Remember this FOIA request has nothing to do with any individual Communication Data records, or for any details of the analysis algorithms etc., it is simply for the names of the companies which have been ordered to comply with the Data Retention Regulations.

Even those companies which have not been served with Notices, will still be providing Law Enforcement with Communications Data records when properly asked under section 29 of the Data Protection Act, via the Single Point of Contact system.

Therefore it is quite likely that the Information Commissioner's Office will reject this Section 31 exemption, if it goes that far.

Section 43 of the FOIA provides an exemption from disclosure of information where that information would harm commercial interests. It is possible that releasing this information might change consumer behaviour to the detriment of those companies that have been issued with Notices.

That is just unfounded speculation.

"might change consumer behaviour" - by how much, over what period ?

Predictions of consumer choices and market trends in the telephone, mobile phone and internet markets depends on many factors, and is something well beyond the expertise of the Home Office.

Section 43 provides an exemption from disclosure of information where that information would harm commercial interests.

Releasing the requested information would increase the transparency of how the Home Office has implemented the European Directive. However, this public benefit is not sufficient to balance the detrimental effect upon law enforcement and separately the commercial interests at stake. It is therefore not in the public interest to disclose this material.

The Section 43 "justification" totally ignores the Information Commissioner's Office FOIA Guidance on this subject, following the rulings of the Information Tribunal:

Section 43 - Commercial detriment of third parties (.pdf)


A public authority which believes that the commercial interests of a third party will, or are likely to, be prejudiced must explain why this is the case.

• It will not be enough for the public authority to simply speculate as to why the third party's commercial interests would, or would be likely to be prejudiced; the third party where possible must be asked for their opinions.

• If the third party does not put forward any concerns regarding any prejudice to its commercial interests then a public authority should not speculate on their behalf.


The Home Office does not appear to have consulted any of the commercial internet service providers ad telecommunications companies,or even their industry competition regulator Ofcom about this, so they are just speculating about market conditions, which they have no expertise in.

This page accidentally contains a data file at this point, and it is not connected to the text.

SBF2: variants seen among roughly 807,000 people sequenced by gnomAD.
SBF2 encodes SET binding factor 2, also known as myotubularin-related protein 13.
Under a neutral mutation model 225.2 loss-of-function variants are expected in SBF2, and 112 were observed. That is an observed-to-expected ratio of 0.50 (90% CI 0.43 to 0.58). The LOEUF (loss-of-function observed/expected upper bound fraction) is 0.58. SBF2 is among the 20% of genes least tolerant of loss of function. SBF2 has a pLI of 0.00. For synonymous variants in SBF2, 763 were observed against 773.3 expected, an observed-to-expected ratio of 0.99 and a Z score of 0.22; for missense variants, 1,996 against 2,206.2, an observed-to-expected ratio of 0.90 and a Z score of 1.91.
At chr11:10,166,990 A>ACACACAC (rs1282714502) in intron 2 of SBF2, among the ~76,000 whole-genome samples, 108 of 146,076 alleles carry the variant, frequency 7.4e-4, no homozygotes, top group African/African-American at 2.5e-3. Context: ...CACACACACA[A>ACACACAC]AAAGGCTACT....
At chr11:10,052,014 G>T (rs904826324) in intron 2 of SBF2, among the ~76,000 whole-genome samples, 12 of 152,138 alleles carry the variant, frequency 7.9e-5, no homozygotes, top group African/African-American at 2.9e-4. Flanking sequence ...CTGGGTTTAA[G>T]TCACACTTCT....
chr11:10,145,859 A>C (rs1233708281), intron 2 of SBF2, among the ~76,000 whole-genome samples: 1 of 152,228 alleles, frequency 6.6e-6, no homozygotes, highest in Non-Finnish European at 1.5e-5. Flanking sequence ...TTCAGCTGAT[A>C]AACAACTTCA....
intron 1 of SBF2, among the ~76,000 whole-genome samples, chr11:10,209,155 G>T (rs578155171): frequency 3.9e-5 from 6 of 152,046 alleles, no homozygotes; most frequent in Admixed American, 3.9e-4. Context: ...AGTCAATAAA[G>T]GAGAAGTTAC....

The FOIA request does not ask for details of the amount of financial compensation (or state subsidy) being promised to individual companies, only for the names of the companies affected by the Regulations.

Smaller Internet Service Providers, or new entrants into the market, who are not receiving state subsidies from the Home Office, for the implementation of the Data Retention Regulations, may very well have something to say to the competition authorities, both in the UK and at the European Union level.

Therefore it is very likely that the Information Commissioner's Office will reject this Section 43 exemption, if it goes that far.

Communications Data is not just of interest to Law Enforcement public authorities, there can be a National Security aspect as well. It is somewhat surprising that the Home Office did not try to use the Section 24 National Security exemption as well.

However, Retained Communications Data is just as likely to be used or abused in civil court cases e.g. a Court Order in Copyright infringement or Divorce cases,

So there is a much wider Public Interest in the names of the companies which are subject to these Regulations, which is not directly concerned with Criminal Law enforcement

This FOIA request has, unusually, already sparked off an Internal Review and a complaint to the Information Commissioner's Office, even before this Substantial Reply / Rejection.

That Internal Review about the apparent silence and lack of any response (despite email Read Receipt acknowledgments of the original 2nd of June 2009 request and of the later reminder emails.

Hopefully the results of that Internal Review will be available by the end of this week.

Spy Blog will put in another Internal Review request (without much hope of the Home Office changing their minds), before having to complain to the Information Commissioner.


FOIA requesters, such as activists in Ann Arbor, MI, are learning they can publish and aggregate the fruits of their requests on the web. Their aggregated records foster the kind of transparency in government (in their case local, municipal government) that the government itself should be creating. --Ben

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This United Kingdom based blog has been spawned from Spy Blog, and is meant to provide a place to track our Freedom of Information Act 2000 requests to United Kingdom Government and other Public Authorities.